Influence of catheter type on popping phenomenon

In accordance with the higher energy delivery of gold catheters, ablation procedure had to be interrupted more frequently using 4 and 8 mm gold catheters because of impedance popping. In the irrigated tip catheter, however, there was a non-significant trend towards fewer popping events in the gold catheter in both tissue types. This might reflect an advantage of using gold as the tip material for irrigated catheters, although there was no direct superiority in terms of lesion depth. Popping is thought to be the result of sudden heat-induced expansion of intramyocardial gas and leads to tissue rupture with potential complications such as thrombus formation or perforation. Fortunately, it is an infrequent phenomenon in human RFA.13 In our experiments, the popping rate was much higher than it is known from clinical application, despite the use of relatively low power during RFA. This might be explained by the better maintenance of electrode stability throughout the ablation attempts in our experimental setting when compared with the clinical environment, as suggested previously.5

Comparison with clinical data and clinical implications

Our data implicate that in not-irrigated catheters, gold tip material produces deeper lesions than corresponding platinum tip electrode, independent of tip electrode length. In irrigated catheters, the use of gold as catheter tip material does not seem to enhance lesion depth. Clinical data are more controversial. In RFA of typical atrial flutter, superiority of 8 mm large tip platinum electrodes over 4 mm platinum electrodes has been shown clearly.14 Jais et al.15 could demonstrate the superiority of the irrigated Pt tip catheter over standard 4 mm Pt tip catheter, and Scavee et al.16 showed the advantage of externally irrigated over internally irrigated and 8 mm Pt tip electrodes. However, in the very recent first in vivo comparison of 8 mm gold tip electrode with 8 mm Pt and 4 mm externally irrigated Pt tip electrodes in RFA of atrial flutter, Sacher et al.13 failed to demonstrate differences in catheter tip type regarding clinical endpoints. They suggest that gold cannot play off its advantage of higher thermal conductivity over Pt in areas of low blood flow, such as in trabeculae, where there is only minimal convective cooling at the electrode tip.7 In a very interesting recent study, Da Costa et al.17 demonstrated that the anatomy of the cavotricuspid isthmus plays a more important role in RFA of atrial flutter than the type of the electrode used. They showed that 8 mm Pt tip catheters were more effective than irrigated tip catheters in straight isthmus morphology, whereas irrigated tip catheters tended to be more effective in the case of concave isthmus morphology.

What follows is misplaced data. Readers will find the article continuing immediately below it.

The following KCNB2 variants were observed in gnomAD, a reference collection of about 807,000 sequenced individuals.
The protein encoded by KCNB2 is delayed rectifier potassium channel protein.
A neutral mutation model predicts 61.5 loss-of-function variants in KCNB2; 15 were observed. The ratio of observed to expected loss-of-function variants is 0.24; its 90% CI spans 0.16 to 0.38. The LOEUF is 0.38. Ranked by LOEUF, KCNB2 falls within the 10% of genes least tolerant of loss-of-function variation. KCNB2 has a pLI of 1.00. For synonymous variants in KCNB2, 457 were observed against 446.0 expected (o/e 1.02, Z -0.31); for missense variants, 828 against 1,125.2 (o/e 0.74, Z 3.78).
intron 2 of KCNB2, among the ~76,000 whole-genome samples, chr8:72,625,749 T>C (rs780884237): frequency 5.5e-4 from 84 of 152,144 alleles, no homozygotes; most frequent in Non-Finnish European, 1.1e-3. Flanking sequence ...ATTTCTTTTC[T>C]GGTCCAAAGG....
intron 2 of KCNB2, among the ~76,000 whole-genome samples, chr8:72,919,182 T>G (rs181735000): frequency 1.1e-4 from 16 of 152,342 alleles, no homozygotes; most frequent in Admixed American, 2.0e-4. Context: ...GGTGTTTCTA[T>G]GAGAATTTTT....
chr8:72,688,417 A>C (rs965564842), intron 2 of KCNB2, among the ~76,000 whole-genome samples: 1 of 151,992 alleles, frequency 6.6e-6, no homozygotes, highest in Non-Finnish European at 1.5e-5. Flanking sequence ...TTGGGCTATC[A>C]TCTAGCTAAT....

In a retrospective study of VT ablation, Soejima et al.18 showed a greater efficacy of the irrigated tip catheter for terminating VT compared with the standard 4 mm tip electrodes.